Understanding Inflation: Implications for Monetary Policy

Stephen G. Cecchetti, Erica L. Groshen

NBER Working Paper No. 7482
Issued in January 2000
NBER Program(s):Monetary Economics

This paper discusses how optimal monetary policy is affected by differences in the combination of shocks an economy experiences and the rigidities it exhibits. Without both nominal rigidities and economic shocks, monetary policy would be irrelevant. Recognizing this, policymakers increasingly incorporate the understanding gained from new research on rigidities and shocks into both their policy actions and the design of monetary institutions. Specifically, shocks can be predominantly real, affecting relative prices, or primarily nominal, moving the general price level. They may also be big or small, frequent or rare. Similarly, some nominal rigidities are symmetrical, affecting both upward and downward movements equally, while others are asymmetrical, restricting decreases more than increases. After reviewing major trends in the conduct of monetary policy, we describe how the growing theoretical and empirical literature on shocks and rigidities informs three crucial dimensions of monetary policymaking. First, we discuss why trimmed means provide the best measure of core inflation. Second, we outline how rigidities impede policymakers' ability to control inflation. And third, we describe how alternative shock/rigidity combinations create inflation's grease (whereby it improves economic efficiency by speeding adjustment) and sand effects (whereby it distorts price signals) with their contrasting implications for the optimal level of inflation. We conclude by considering some key implications for monetary policy.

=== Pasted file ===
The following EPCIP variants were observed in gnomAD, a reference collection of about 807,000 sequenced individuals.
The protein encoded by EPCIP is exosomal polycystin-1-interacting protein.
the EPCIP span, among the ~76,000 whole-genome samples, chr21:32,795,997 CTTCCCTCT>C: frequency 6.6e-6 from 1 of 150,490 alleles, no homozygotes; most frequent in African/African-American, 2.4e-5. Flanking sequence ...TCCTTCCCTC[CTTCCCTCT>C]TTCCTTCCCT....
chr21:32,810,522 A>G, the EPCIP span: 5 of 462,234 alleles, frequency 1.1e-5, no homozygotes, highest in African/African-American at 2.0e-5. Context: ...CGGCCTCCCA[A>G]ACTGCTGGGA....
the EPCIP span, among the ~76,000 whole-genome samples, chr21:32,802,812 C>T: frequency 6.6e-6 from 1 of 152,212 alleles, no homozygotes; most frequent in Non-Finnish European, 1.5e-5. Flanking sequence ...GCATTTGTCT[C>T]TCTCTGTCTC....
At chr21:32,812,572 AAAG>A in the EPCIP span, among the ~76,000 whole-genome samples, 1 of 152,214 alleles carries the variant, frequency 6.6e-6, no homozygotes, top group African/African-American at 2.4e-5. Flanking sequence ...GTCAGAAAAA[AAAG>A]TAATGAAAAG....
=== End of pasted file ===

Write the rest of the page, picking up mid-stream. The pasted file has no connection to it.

download in pdf format
   (762 K)

email paper

Machine-readable bibliographic record - MARC, RIS, BibTeX

Document Object Identifier (DOI): 10.3386/w7482

Published: Dreze, Jacques H. (ed.) Advances in Macroeconomics, Proceedings of the Twelfth World Congress of the International Economic Association. London: Macmillan, Ltd., 2001.

Users who downloaded this paper also downloaded* these:
Giannitsarou and Scott w12654 Inflation Implications of Rising Government Debt
Hall Introduction to "Inflation: Causes and Effects"
Bernanke and Mishkin w5893 Inflation Targeting: A New Framework for Monetary Policy?
Friedman w8057 Monetary Policy
Bernanke and Woodford w6157 Inflation Forecasts and Monetary Policy
NBER Videos

National Bureau of Economic Research, 1050 Massachusetts Ave., Cambridge, MA 02138; 617-868-3900; email:

Contact Us